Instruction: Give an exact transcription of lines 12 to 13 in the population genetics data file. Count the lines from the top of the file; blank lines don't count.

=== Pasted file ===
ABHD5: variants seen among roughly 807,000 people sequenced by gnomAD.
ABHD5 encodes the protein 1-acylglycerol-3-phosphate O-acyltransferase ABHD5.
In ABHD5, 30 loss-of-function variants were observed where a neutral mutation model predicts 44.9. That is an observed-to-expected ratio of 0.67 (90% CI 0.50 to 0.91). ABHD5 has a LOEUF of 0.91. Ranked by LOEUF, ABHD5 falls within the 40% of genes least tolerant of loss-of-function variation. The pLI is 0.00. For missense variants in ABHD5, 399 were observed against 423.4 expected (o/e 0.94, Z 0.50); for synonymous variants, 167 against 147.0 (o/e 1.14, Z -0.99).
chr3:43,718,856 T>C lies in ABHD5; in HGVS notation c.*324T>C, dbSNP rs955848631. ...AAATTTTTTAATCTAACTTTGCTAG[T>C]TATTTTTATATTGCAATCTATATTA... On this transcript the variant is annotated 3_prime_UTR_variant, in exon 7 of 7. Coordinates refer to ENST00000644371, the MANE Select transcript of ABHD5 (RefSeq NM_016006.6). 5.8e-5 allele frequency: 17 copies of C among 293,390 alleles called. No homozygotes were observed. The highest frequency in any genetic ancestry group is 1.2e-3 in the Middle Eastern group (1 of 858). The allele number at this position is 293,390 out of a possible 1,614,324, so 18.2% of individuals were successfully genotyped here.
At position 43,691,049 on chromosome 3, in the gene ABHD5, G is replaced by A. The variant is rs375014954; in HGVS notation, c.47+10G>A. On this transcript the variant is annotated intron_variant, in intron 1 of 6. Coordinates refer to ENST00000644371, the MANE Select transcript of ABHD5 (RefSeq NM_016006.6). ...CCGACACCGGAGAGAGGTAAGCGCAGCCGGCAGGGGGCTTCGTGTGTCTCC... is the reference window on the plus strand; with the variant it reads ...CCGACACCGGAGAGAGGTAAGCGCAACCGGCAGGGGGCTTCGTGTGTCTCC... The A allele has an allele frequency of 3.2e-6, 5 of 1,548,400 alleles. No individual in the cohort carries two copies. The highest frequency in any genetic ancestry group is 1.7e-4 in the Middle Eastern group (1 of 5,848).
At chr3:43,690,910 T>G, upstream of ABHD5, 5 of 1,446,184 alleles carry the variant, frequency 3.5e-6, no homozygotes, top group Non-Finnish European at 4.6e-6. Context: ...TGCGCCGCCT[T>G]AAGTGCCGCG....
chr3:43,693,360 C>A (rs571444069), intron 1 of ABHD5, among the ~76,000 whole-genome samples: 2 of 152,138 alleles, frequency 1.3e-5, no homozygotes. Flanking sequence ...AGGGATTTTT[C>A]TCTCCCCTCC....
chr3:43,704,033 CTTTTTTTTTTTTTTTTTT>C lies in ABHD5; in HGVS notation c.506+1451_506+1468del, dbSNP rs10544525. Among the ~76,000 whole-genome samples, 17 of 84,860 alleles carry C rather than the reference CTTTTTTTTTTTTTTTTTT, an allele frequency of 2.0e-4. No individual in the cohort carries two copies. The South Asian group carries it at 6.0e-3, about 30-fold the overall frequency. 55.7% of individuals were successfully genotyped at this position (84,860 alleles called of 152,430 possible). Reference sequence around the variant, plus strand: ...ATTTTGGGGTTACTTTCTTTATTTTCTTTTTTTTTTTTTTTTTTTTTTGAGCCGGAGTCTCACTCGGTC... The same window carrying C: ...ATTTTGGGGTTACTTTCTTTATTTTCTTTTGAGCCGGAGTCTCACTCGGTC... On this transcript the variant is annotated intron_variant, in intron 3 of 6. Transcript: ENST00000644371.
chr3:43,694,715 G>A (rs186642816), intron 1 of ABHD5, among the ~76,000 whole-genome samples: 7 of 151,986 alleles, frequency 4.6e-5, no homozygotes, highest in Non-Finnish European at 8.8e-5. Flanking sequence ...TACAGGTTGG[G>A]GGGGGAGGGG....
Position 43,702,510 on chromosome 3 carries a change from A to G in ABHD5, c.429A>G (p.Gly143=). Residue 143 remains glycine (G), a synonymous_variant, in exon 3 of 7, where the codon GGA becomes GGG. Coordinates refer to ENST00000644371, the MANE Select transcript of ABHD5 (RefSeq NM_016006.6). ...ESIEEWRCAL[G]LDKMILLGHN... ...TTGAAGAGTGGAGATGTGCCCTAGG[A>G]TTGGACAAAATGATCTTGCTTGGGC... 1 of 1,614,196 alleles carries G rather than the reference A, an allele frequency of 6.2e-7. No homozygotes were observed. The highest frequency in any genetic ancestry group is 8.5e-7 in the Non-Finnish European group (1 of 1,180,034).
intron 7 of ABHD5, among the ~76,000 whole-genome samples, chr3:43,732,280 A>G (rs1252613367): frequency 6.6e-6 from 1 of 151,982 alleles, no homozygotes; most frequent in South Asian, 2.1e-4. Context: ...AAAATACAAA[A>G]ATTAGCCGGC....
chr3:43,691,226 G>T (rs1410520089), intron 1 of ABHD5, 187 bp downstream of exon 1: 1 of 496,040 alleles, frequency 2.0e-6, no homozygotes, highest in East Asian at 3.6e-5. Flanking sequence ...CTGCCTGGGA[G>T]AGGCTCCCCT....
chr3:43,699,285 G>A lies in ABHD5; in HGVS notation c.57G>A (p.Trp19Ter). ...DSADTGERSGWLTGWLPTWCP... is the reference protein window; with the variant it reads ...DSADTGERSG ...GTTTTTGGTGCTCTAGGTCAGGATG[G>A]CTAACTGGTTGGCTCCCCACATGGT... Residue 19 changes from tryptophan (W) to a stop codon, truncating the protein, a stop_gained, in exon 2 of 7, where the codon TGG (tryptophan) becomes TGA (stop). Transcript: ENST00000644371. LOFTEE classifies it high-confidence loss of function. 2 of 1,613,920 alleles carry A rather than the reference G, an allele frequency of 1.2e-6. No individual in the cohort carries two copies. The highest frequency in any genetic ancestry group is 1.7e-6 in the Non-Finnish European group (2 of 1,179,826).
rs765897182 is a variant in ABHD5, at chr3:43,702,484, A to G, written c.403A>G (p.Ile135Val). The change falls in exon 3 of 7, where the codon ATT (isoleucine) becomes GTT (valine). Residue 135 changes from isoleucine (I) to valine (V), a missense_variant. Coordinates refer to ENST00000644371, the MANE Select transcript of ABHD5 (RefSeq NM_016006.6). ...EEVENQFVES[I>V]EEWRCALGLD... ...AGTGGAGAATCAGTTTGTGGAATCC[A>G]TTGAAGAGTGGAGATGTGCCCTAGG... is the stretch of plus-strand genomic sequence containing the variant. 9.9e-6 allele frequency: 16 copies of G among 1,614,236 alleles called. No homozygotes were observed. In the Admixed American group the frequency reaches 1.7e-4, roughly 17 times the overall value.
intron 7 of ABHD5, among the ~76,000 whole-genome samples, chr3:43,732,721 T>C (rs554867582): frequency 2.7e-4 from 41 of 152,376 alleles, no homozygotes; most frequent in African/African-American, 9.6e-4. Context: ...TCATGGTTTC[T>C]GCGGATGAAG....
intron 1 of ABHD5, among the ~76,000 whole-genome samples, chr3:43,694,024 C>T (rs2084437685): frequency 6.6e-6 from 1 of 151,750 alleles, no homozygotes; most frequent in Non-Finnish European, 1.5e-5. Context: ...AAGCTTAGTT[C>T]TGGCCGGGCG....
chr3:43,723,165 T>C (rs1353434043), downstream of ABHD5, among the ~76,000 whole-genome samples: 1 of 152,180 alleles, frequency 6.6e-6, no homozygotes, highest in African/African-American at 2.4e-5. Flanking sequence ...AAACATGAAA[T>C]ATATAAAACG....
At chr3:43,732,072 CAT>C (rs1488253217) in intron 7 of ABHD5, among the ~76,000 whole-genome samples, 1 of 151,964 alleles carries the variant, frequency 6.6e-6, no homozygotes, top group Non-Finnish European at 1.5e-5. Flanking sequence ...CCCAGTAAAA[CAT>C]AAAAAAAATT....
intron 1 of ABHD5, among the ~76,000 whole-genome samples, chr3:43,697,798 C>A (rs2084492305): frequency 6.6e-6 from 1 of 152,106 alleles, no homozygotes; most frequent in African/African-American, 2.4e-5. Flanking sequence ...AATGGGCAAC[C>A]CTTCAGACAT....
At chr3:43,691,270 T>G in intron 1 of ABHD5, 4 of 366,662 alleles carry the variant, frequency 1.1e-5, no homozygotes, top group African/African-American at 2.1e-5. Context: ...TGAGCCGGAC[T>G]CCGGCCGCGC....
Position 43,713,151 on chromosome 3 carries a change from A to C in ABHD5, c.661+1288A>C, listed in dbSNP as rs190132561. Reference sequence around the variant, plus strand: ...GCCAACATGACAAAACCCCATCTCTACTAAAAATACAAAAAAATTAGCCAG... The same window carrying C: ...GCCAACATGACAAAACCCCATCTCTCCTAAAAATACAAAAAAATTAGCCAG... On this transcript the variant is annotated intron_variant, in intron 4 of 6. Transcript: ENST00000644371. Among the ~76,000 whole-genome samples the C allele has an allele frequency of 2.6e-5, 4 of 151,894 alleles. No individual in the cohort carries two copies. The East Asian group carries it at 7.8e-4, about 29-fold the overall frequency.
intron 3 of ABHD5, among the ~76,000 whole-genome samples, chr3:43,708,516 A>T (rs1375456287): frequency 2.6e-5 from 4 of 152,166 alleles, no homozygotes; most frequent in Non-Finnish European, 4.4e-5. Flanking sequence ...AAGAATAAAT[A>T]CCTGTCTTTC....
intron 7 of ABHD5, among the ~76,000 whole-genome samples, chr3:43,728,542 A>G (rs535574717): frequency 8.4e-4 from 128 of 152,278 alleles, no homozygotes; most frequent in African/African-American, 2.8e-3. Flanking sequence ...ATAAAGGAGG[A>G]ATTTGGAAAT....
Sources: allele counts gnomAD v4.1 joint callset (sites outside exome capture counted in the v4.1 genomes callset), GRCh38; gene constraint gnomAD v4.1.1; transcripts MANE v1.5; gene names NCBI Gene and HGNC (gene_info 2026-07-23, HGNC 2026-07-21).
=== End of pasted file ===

chr3:43,691,226 G>T (rs1410520089), intron 1 of ABHD5, 187 bp downstream of exon 1: 1 of 496,040 alleles, frequency 2.0e-6, no homozygotes, highest in East Asian at 3.6e-5. Flanking sequence ...CTGCCTGGGA[G>T]AGGCTCCCCT....
chr3:43,699,285 G>A lies in ABHD5; in HGVS notation c.57G>A (p.Trp19Ter). ...DSADTGERSGWLTGWLPTWCP... is the reference protein window; with the variant it reads ...DSADTGERSG ...GTTTTTGGTGCTCTAGGTCAGGATG[G>A]CTAACTGGTTGGCTCCCCACATGGT... Residue 19 changes from tryptophan (W) to a stop codon, truncating the protein, a stop_gained, in exon 2 of 7, where the codon TGG (tryptophan) becomes TGA (stop). Transcript: ENST00000644371. LOFTEE classifies it high-confidence loss of function. 2 of 1,613,920 alleles carry A rather than the reference G, an allele frequency of 1.2e-6. No individual in the cohort carries two copies. The highest frequency in any genetic ancestry group is 1.7e-6 in the Non-Finnish European group (2 of 1,179,826).